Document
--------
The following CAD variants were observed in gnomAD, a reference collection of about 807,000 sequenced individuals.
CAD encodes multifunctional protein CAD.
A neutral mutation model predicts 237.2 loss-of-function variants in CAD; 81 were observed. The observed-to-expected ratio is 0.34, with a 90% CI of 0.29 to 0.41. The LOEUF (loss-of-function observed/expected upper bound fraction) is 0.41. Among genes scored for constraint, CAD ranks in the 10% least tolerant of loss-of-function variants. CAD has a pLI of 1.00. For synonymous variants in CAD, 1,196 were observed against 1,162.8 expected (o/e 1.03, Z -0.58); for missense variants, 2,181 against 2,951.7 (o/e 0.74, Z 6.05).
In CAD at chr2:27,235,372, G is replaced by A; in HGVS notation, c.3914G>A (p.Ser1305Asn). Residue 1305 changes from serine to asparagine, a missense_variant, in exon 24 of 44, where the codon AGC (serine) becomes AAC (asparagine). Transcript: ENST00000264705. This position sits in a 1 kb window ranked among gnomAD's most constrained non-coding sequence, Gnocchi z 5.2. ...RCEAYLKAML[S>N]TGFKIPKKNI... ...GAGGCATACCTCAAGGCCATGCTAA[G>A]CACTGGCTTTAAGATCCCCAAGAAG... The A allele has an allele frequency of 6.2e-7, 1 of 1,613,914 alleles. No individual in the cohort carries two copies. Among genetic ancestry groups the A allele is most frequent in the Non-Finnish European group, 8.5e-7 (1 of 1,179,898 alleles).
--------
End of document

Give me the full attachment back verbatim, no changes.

The following CAD variants were observed in gnomAD, a reference collection of about 807,000 sequenced individuals.
CAD encodes multifunctional protein CAD.
A neutral mutation model predicts 237.2 loss-of-function variants in CAD; 81 were observed. The observed-to-expected ratio is 0.34, with a 90% CI of 0.29 to 0.41. The LOEUF (loss-of-function observed/expected upper bound fraction) is 0.41. Among genes scored for constraint, CAD ranks in the 10% least tolerant of loss-of-function variants. CAD has a pLI of 1.00. For synonymous variants in CAD, 1,196 were observed against 1,162.8 expected (o/e 1.03, Z -0.58); for missense variants, 2,181 against 2,951.7 (o/e 0.74, Z 6.05).
In CAD at chr2:27,235,372, G is replaced by A; in HGVS notation, c.3914G>A (p.Ser1305Asn). Residue 1305 changes from serine to asparagine, a missense_variant, in exon 24 of 44, where the codon AGC (serine) becomes AAC (asparagine). Transcript: ENST00000264705. This position sits in a 1 kb window ranked among gnomAD's most constrained non-coding sequence, Gnocchi z 5.2. ...RCEAYLKAML[S>N]TGFKIPKKNI... ...GAGGCATACCTCAAGGCCATGCTAA[G>A]CACTGGCTTTAAGATCCCCAAGAAG... The A allele has an allele frequency of 6.2e-7, 1 of 1,613,914 alleles. No individual in the cohort carries two copies. Among genetic ancestry groups the A allele is most frequent in the Non-Finnish European group, 8.5e-7 (1 of 1,179,898 alleles).